Sunday, July 26, 2020

New Interviews at Vantage Point Interviews!

Hong Kong voice actor Peter Boczar.

Several new interviews have been posted at Vantage Point Interviews, and as always, they are quite fascinating. Peter Boczar discusses dubbing in Hong Kong in the late 1970s under the direction of Ted Thomas. He goes into detail about the process of dubbing back then. If you enjoy HK dubbing, this is the interview for you!

Also on tap are interviews with Ultraman: The Ultimate Hero writer Todd Gilbert and cast member Sandra Guibord, who played Theresa Beck on the show. They reveal details about the program here for the very first time anywhere!

More content will continue to be posted, so please keep an eye out for what's next on Vantage Point Interviews!

Going Behind the Scenes with Toho Staff!

Takao Okawara. Photo by Brett Homenick.

On Friday, July 24, I attended another event related to Godzilla vs. Mechagodzilla II (1993) -- this time attended by director Takao Okawara and assistant SX director Yoshiaki Kondo.  

Compared to a few others guests, Okawara-san is a bit more reserved and laid-back, but he freely mingled with attendees, answered their questions, and signed their stuff.

 Yoshiaki Kondo. Photo by Brett Homenick.

I've met Kondo-san at several other events, and suffice it to say, he's more on the outgoing side. I always enjoy meeting both guests whenever they turn up at events.

The mask rule was certainly in effect, but an exception was made for picture-taking. Everything went smoothly, and it was another successful event. Which is nice, because it's probably has to last me a while!

Two Toho Suit Actors Raid Again!

 Kenpachiro Satsuma. Photo by Brett Homenick.

On Thursday, July 23, I had the opportunity take in a screening of a 35mm print of Godzilla vs. Mechagodzilla II (1993), which I've now seen a few times in Japan. It's always been a Heisei film I've enjoyed, and seeing again 25 years after first watching it was certainly nostalgic for me.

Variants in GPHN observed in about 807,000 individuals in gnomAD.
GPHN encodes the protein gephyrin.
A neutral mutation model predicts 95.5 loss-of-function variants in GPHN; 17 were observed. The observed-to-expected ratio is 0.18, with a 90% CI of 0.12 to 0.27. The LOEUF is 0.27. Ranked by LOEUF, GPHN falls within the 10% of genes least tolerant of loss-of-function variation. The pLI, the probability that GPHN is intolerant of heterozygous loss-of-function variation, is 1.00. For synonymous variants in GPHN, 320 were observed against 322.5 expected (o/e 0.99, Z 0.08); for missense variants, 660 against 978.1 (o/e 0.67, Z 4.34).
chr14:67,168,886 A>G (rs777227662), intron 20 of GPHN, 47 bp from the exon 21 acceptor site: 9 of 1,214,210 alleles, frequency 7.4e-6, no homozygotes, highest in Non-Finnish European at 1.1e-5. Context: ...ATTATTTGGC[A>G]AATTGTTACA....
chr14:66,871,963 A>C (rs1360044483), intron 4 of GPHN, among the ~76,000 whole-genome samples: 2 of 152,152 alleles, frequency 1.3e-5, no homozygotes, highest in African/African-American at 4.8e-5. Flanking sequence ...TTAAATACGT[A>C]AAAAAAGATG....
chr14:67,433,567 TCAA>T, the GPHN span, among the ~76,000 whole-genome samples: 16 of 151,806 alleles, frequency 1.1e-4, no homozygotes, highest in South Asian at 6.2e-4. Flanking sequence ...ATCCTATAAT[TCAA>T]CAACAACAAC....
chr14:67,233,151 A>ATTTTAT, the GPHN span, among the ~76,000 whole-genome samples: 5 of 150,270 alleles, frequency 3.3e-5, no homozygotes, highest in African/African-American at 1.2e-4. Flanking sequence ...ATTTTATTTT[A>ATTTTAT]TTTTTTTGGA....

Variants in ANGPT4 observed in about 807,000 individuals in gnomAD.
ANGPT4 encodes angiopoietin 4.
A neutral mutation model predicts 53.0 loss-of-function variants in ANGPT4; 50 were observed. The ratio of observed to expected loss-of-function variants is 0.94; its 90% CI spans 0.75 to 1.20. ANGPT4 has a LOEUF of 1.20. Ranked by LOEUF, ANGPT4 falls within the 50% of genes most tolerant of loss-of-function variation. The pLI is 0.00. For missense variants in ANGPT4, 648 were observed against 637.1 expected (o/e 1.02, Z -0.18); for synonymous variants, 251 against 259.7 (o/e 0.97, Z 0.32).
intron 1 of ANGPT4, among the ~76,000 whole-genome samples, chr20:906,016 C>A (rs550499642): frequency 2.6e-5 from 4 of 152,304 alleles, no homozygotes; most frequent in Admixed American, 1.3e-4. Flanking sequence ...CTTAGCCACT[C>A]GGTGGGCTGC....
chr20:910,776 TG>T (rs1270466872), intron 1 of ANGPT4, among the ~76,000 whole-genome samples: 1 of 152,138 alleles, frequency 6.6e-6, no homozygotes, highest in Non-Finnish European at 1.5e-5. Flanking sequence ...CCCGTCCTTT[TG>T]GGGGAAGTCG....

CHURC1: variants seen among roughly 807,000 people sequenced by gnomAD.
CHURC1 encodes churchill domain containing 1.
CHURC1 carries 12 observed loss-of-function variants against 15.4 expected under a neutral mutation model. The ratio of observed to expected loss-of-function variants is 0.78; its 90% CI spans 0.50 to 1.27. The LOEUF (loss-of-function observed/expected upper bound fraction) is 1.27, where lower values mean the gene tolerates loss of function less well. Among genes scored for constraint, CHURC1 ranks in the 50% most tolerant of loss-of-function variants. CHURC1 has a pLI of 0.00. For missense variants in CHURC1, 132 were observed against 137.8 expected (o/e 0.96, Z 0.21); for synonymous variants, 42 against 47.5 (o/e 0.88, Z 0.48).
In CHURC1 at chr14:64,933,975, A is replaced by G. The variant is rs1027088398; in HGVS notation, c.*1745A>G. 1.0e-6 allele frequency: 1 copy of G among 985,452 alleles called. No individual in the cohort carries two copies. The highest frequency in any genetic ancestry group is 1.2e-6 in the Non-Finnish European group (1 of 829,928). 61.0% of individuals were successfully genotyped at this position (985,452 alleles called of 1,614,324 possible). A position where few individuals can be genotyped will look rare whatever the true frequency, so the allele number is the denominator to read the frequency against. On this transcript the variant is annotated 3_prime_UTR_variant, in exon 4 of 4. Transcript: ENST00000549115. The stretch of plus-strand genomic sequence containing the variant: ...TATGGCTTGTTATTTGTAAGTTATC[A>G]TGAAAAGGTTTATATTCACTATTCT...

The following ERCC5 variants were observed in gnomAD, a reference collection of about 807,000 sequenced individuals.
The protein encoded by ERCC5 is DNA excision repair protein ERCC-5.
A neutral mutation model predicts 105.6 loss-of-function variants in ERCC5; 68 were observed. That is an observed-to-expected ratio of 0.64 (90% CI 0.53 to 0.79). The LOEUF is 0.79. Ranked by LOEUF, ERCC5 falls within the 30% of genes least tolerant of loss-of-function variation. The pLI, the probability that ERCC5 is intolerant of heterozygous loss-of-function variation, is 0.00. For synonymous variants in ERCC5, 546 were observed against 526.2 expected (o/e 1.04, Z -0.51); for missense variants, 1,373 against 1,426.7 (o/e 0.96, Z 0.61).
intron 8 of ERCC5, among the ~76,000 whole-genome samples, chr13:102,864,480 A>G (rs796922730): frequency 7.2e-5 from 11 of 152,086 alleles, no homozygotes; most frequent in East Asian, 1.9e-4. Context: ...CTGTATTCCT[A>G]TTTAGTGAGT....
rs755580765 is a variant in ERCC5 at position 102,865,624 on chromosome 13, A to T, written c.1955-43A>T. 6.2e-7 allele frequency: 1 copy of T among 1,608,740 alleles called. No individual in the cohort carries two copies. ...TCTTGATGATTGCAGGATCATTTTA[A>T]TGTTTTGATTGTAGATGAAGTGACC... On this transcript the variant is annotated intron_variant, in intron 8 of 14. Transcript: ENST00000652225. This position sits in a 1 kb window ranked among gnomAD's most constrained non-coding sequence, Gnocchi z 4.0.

Two guests were on hand for the screening: Kenpachiro Satsuma and Hurricane Ryu. I'd imagine Satsuma-san needs no introduction. He played the Heisei-era Godzilla from 1984-1995. He has a well-deserved reputation for fan-friendliness, and this event was no exception.

 Hurricane Ryu. Photo by Brett Homenick.

The other guest was the versatile Hurricane Ryu, another monster suit actor. He played Baby in the day's movie. While not as prolific at events as Satsuma-san, he's another approachable fellow who's happy to meet and mingle.

The event was quite fun, as always. I spent the evening seated across from Satsuma-san, who talked about the difficulty of acting as Hedorah in Godzilla vs. the Smog Monster (1971), how much he liked playing Gigan, and some of the challenges filming Godzilla vs. Destoroyah (1995).

 It's Godzilla vs. King Ghidorah in real life! Photo by Brett Homenick.

Toward the end of the evening, the two suit actors, who squared off in Godzilla vs. King Ghidorah (1991) as the titular kaiju, gave us a reenactment.

I'm very glad the event was still held, despite the pandemic. There have been comparatively very few events this year, so you have to take every opportunity you can to experience one.

A Return to the Stage!

On Saturday, July 25, I immediately left work to watch a small stage performance with Yumi Mizusawa, an actress whom I've come to know. The show was interesting and even featured yokai!

I didn't have much of a chance to speak with Mizusawa-san after the show, but it was certainly nice to see her again. Since these gatherings continue to be few and far between, you have to take the opportunities as they come.

Tuesday, July 21, 2020

Ben Goto, Author of the Book 'Prophecies of Nostradamus,' Dies at 90

Author Ben Goto. Photo © Jiji Press.

Author Ben Goto, whose book Prophecies of Nostradamus was loosely adapted into a controversial disaster film at Toho Studios in 1974, died on June 16. He was 90 years old.

Born Tsutomu Goto on November 17, 1929, in Hakodate, Hokkaido, the author better known around the world as Ben Goto graduated from Tohoku University's School of Law and launched his award-winning writing and journalism career in 1953 after moving to Tokyo.